Owens, who was convicted of committing theft over $1,000, was home with his girlfriend and a child when the authorities performed the "home check," Kimball Police Chief Timothy Allison told ABC News.

The police chief said that the devices, which were filled with black powder, were not that potent.

“I don’t think they were powerful enough to hurt anyone else, but they were a danger to the people in that home,” he said.

Owens was charged with eight counts of reckless endangerment because there were eight people living in the home, Allison said.

In addition to reckless endangerment, Owens was charged with felony possession of a firearm, kidnapping, domestic assault, possession of explosive components and drug possession, according to Allison.

It was not immediately clear if Owens has retained a lawyer or if a court date had been set.

Owens has lived at the one-story ranch-style house where the nearest neighbor is around 100 yards away for two decades, Allison said.

When the devices and materials to manufacture more were discovered, he continued, police assembled the Chattanooga bomb squad and “the five pipe bombs were detonated right there.”

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iStock/Thinkstock(ATLANTA) --  An Atlanta police officer shot and injured a man who appeared to be armed with a weapon and was attempting to access a middle and high school, officials said.

School officials contacted the Atlanta Public Schools Police Department when they saw the man enter school grounds and approach Forrest Hills Academy in Atlanta's Hammond Park neighborhood with the apparent weapon Tuesday morning, Georgia Bureau of Investigation Public Information Officer Nelly Miles said in a press conference Tuesday.

When officers arrived on campus, they observed the apparent weapon as the man was leaving the premises, and an officer fired one round at him, Miles said. It is unclear if the suspect pulled or pointed the apparent weapon at officers, but he did not fire it, she said.

Authorities later determined that the suspect was armed with a pellet gun, the GBI said in a press release.

The suspect, whose name was not released, was transported to Atlanta's Grady Memorial Hospital to be treated for his injuries, Miles said, adding that investigators were interviewing him at the hospital.

The Atlanta Public Schools Police Department has issued arrest warrants for the suspect for having a weapon on school property, Miles said. The Georgia Bureau of Investigation was contacted because the case involves an officer-involved shooting, Miles said.

Authorities do not yet know if the suspect knew anyone at the school, Miles said.

No staff or students were injured during the incident, and classes resumed soon after, Miles said.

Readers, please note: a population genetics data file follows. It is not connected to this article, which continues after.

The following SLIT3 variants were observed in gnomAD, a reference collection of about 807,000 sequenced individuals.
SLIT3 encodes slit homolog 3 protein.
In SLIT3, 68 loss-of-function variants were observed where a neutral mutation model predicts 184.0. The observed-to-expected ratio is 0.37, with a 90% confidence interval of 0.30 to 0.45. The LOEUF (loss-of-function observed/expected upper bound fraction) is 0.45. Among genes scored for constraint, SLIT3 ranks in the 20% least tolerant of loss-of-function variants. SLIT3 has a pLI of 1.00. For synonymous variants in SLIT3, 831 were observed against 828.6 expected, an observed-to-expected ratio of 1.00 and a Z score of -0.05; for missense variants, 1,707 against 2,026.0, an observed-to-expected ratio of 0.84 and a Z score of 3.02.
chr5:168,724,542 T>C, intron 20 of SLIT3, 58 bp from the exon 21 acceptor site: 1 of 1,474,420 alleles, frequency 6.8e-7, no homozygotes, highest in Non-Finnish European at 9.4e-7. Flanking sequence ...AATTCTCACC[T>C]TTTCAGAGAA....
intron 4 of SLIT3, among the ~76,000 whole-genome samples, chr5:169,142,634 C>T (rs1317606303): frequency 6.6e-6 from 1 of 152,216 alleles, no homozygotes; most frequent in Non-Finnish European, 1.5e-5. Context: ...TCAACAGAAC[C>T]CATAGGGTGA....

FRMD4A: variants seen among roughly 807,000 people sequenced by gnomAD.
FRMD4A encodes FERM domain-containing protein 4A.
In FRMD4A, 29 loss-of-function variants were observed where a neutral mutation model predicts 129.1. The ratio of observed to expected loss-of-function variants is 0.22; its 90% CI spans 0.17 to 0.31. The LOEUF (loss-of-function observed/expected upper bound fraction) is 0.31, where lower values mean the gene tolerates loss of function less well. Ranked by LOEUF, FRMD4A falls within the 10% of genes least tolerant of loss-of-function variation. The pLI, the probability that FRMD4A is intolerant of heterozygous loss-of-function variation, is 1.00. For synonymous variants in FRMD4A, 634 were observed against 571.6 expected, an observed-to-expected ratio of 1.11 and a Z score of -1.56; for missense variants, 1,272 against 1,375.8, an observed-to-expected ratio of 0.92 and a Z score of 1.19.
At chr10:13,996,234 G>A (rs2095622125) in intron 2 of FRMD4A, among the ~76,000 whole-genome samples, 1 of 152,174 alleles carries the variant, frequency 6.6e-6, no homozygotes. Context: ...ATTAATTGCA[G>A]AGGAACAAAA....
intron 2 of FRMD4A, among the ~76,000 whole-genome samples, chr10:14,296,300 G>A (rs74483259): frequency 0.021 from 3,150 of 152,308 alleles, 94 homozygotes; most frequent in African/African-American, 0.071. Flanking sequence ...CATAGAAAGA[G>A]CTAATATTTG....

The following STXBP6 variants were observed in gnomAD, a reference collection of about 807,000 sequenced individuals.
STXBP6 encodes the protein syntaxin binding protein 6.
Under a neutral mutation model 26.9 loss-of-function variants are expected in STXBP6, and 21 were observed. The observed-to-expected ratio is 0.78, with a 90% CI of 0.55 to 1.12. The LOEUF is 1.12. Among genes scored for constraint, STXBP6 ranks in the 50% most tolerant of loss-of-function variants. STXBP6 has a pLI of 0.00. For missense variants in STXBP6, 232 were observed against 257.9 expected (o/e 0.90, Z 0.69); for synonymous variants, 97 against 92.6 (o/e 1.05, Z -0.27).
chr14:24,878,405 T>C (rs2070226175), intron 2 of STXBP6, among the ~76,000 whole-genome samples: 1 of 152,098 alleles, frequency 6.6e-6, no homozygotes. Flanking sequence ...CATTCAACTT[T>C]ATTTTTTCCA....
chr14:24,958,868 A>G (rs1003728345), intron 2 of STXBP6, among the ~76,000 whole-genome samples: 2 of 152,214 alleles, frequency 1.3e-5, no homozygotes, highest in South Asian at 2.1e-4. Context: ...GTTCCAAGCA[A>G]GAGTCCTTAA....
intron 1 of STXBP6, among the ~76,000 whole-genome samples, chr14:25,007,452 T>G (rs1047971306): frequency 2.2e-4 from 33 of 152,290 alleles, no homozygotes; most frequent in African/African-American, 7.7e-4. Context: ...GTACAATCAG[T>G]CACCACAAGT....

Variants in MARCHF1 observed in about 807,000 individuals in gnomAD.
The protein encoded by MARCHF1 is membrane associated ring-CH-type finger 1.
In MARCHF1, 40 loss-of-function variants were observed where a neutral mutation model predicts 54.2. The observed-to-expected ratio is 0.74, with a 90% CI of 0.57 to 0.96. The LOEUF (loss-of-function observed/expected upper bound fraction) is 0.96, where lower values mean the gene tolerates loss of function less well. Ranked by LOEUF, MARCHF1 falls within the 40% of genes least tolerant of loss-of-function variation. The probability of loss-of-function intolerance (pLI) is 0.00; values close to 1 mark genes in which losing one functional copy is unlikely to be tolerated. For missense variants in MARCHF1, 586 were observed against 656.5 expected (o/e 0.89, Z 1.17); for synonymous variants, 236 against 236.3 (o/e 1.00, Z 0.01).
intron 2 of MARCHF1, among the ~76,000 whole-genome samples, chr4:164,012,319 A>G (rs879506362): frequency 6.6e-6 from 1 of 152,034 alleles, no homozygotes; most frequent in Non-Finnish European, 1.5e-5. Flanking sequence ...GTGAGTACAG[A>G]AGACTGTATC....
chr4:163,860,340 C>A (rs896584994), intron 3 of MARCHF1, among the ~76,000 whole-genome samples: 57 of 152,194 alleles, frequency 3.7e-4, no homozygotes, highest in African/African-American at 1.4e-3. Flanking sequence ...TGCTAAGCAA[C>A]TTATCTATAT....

Atlanta Public Schools did not immediately return ABC News' request for comment.

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ABC News(NEW YORK) --  ’Staff Sgt. Andrew Smith will spend his first Christmas away from his 3-year-old daughter this year, but he was not forgotten from his family’s Christmas card.

Smith, a nearly 10-year veteran of the U.S. Marine Corps, was Photoshopped into a card with his wife, Andrea Smith, and their daughter, Charlotte.

The photo shows Andrew Smith in his military uniform stepping in to help as Charlotte stands atop toys in a Target grocery cart and Andrea Smith sits on the floor drinking a Starbucks.

"I know so many families are going through the same thing as us," Andrea Smith, 28, told ABC News. "If we can make awareness that families are still missing people serving away from home, it’s worth it."

Andrea Smith chose to take the photo at Target because it is Charlotte’s favorite store. Sitting on the floor drinking coffee was meant to be a fun way to show all Andrea Smith does as a single, stay-at-home mom while her husband serves the country.

"People think of the guys that are deployed but it’s hard on everybody," she said. "I truly just want everybody to know we’re thinking of other families."

Andrew Smith, 29, has been stationed with his family at Camp Lejeune in North Carolina for the past three years. Andrea Smith was not able to disclose his length of deployment or location.

"His first reaction was, 'This is fantastic,'" Andrea Smith said of the first time her husband saw the Christmas card. “He was completely blown away."

Andrea Smith said the photo of her entire family together took her breath away.

"When I saw us all together, I thought, 'This is perfect,'" she said. "There was not another word for it."

"It took my breath away because we were all able to be in the same card even though we’re miles and miles away."

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WJTN Headlines for Wednesday Dec. 13, 2017

The Lake Effect Snow machine cranked out a few inches of the white stuff by mid-evening last night and snowfall totals were getting near a foot in some places in western New York.  &...